New entrants to the top 10 since then are Nvidia, Charter Communications and Taiwan Semiconductor Manufacturing. Names that have moved out of the top 10 since then are Alibaba, Tencent and Baidu, all of which are Chinese stocks. Alibaba and Baidu are still the 15th and 12th largest holdings in the trust respectively. Tencent’s share price has dropped sharply since ATST reduced its position, as the Chinese government clamps down on its music streaming business and new user registrations for its WeChat service have been suspended. We discuss some of the more interesting changes in the following pages.

WTW says the portfolio faced a headwind when the pandemic first hit on a global scale in March 2020, by not being overly exposed to US large-cap technology, such as the FANGs stocks. Exposure was increased slightly when we published our initiation note in November 2020, and this is the case even more so today.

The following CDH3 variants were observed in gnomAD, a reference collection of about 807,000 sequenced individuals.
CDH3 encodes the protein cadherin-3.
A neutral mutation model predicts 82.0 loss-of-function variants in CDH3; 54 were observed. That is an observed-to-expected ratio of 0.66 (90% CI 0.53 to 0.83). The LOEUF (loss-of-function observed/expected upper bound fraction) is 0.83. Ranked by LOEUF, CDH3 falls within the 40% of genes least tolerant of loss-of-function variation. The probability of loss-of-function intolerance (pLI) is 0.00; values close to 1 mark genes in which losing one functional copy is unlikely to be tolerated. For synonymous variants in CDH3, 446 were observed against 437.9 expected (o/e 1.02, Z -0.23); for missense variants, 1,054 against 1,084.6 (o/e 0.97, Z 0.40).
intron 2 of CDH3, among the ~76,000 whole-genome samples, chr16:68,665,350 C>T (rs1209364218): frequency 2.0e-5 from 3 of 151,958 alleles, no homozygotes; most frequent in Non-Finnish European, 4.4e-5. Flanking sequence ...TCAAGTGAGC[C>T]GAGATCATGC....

Alphabet (www.abc.xyz) is an American multinational conglomerate, which was formed through the restructuring of household name Google, of which it subsequently became the parent company, alongside several other former Google subsidiaries. It is a long-term holding of ATST’s, the largest holding, and the greatest contributor to absolute returns. Over the six months to 30 June 2021, it returned 41.6% and – according to WTW – better-than-expected earnings for the first quarter of 2021, with solid revenue growth on the back of impressive results for its search business.


Nvidia (www.nvidia.com) joined ATST’s top 10 in March 2021, but has been a holding for much longer. The American company designs graphics processing units for the gaming and professional markets, as well as ‘system on a chip’ units for the mobile computing and automotive market. Over June 2021, it was ATST’s most significant single contributor to returns, having delivered an absolute return of 26%. During the month, it received key stakeholder support for its proposed acquisition of Arm Holdings, which, if successful should accelerate Nvidia’s expansion in Artificial Intelligence computing and open up new markets for the firm.